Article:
#Mobilegeddon: what to expect from the latest Google update
It’s been long coming, and finally, here it is. For a number of weeks now, Google has given webmasters regular advice on how to optimise for mobile search, having announced a big upcoming change back in February.
At last, the much-anticipated mobile-friendly update went live yesterday. Nicknamed Mobilegeddon by industry experts, the update will affect searches in all languages. It will also no doubt have a few SEOs holding their breath – and keeping a close eye on their analytics. Here are a few questions you might have.
How can I prepare for it?
There are plenty of Google tools to check mobile friendliness, including the recently available mobile friendly tool. The page speed tool also has a mobile feature. It’s also worth regularly checking your webmaster tools notifications. Other SEO tools like SEMrush have a useful Site audit tool which includes a mobile assessment.
Will it impact my entire SEO traffic?
No, the update is a mobile update only. It means mobile friendliness will become a ranking factor in Google’s algorithm. The impact won’t be felt on desktop or tablet search.
How long will it take to have an impact?
Google usually announces updates a few weeks after rolling out, when their impact begins to show. In this case, they have warned webmasters almost 2 months early so they can adapt. Unlike Panda and Penguin, this update is real time. While it’s hard to tell how soon impact will show, Google said it could take a few weeks for roll out to completion.
Can I afford to ignore it?
For one thing, it depends on your industry. If you’re still getting most of your traffic from desktop, the impact will be relatively small to start with. Having said that, mobile has been such a rapidly growing platform over the past few years, there is only so long you can ignore mobile issues. It’s currently estimated that about 60% of online traffic now comes from mobile. Ignore at your own risk.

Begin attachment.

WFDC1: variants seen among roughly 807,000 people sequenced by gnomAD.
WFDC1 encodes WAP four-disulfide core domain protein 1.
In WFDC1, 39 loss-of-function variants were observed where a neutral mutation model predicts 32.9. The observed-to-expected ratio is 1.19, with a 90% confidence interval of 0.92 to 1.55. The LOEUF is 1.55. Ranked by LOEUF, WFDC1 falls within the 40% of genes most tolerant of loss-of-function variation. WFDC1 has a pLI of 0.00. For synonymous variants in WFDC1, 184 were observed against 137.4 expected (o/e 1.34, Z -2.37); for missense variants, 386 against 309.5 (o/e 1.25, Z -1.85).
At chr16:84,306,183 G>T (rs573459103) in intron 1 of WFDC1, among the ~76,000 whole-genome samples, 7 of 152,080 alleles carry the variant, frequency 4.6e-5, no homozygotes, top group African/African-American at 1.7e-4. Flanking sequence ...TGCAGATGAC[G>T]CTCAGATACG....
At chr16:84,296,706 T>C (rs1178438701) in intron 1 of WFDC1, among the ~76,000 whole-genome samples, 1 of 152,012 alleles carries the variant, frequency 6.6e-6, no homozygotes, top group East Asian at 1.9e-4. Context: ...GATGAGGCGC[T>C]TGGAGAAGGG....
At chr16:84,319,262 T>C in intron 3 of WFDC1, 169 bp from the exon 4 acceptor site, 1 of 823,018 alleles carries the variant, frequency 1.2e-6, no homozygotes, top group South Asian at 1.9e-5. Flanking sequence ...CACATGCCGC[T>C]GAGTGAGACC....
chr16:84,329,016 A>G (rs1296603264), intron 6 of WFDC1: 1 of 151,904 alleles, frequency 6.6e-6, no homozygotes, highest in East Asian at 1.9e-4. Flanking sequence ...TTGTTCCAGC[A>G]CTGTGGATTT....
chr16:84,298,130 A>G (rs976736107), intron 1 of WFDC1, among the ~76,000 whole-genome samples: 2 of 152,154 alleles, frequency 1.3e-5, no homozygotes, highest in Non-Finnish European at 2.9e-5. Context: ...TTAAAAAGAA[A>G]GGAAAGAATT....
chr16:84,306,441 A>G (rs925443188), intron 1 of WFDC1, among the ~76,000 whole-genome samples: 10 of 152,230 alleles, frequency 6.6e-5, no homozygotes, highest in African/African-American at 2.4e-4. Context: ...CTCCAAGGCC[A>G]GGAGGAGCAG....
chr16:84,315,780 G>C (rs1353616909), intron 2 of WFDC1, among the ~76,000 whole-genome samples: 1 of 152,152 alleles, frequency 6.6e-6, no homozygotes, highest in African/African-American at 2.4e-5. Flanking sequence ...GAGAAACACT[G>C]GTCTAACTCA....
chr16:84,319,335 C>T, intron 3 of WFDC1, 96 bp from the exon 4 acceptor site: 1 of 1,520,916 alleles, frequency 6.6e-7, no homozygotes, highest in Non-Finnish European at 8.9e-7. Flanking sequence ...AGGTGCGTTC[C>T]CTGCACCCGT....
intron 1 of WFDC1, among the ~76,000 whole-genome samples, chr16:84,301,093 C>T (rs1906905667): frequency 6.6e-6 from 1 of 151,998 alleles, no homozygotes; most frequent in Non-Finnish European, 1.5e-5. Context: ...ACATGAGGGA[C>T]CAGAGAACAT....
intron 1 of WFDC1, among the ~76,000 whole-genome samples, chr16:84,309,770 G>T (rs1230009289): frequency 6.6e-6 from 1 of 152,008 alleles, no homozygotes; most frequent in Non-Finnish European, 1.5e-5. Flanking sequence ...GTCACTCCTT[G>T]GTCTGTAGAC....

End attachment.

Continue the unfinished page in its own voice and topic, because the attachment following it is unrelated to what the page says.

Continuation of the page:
How many searches will it affect?
Hard to tell. When the Penguin update came out, it affected around 4% of global searches. Panda, arguably the most significant update in recent years changed around 12% of UK searches. Given the size of the mobile search market, one might assume the implications will be even greater this time round.
How do I know if my site is mobile friendly?
Large text to facilitate reading and avoiding having to zoom in and out is a typical feature of a mobile friendly site. Similarly, resizing to fit different screen sizes, easy clickable links and simplified menus are also good indicators. Google also rolled out a mobile friendly label at the end of last year. So if your landing pages display it, you know you’re doing something right.
What does the update say about Google?
In a recent blog post, Google said that ‘As more people use mobile devices to access the internet, our algorithms have to adapt to these usage patterns.’ While previous updates have focused on favouring high quality content and tackling the issue of link farming, it seems Google’s priority is on improving user experience, particularly growing platforms like mobile.